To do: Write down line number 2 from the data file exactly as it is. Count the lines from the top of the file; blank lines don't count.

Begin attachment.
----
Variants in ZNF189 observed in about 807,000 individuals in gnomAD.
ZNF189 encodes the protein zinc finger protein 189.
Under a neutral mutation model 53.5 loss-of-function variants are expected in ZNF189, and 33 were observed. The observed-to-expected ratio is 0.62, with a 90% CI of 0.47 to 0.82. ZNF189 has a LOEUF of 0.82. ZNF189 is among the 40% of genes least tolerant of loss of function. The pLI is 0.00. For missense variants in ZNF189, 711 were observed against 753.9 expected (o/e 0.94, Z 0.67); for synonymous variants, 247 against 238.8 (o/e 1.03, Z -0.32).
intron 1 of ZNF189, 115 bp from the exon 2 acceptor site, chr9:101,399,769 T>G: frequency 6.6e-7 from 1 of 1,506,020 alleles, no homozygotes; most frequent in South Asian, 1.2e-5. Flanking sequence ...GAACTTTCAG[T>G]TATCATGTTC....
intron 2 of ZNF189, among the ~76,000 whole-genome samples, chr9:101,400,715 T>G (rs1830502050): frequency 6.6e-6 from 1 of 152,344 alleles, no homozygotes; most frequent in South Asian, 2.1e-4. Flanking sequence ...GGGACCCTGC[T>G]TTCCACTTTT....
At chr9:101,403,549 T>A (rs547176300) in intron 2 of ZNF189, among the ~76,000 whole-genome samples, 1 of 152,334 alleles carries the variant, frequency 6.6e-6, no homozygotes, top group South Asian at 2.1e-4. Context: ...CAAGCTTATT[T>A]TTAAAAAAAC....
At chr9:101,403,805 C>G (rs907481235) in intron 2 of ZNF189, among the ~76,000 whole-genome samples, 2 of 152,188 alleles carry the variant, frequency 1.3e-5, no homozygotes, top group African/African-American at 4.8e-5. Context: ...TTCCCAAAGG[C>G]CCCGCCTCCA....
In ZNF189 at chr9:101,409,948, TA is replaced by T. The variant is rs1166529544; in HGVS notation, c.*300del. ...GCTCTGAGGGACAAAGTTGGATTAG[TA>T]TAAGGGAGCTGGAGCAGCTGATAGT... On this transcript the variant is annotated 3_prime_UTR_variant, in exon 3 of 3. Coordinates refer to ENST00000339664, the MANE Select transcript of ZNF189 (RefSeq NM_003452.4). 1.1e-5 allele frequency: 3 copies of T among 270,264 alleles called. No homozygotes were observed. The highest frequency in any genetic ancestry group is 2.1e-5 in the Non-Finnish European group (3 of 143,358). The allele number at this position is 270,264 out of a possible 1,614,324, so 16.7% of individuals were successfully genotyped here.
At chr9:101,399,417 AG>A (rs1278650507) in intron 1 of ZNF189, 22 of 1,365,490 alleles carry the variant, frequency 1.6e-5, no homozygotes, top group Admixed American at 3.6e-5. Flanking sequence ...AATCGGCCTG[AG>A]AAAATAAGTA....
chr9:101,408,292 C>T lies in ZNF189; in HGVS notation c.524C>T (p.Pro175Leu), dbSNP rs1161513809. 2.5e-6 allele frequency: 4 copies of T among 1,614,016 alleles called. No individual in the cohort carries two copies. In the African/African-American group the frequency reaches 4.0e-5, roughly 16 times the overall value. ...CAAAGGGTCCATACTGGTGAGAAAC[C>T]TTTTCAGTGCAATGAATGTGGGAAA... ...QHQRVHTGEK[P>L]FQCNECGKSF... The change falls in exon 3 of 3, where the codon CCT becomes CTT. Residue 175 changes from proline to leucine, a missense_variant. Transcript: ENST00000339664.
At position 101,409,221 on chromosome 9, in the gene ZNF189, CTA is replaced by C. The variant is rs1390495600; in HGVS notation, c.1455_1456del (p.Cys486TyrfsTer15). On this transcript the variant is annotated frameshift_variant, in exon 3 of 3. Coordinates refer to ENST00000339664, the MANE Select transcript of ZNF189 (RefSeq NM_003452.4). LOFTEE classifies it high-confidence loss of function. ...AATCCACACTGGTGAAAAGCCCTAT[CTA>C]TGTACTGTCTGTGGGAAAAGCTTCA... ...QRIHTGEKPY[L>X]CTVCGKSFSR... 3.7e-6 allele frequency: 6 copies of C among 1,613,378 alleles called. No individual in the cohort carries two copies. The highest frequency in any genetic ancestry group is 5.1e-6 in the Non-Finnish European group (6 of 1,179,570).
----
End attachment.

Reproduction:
ZNF189 encodes the protein zinc finger protein 189.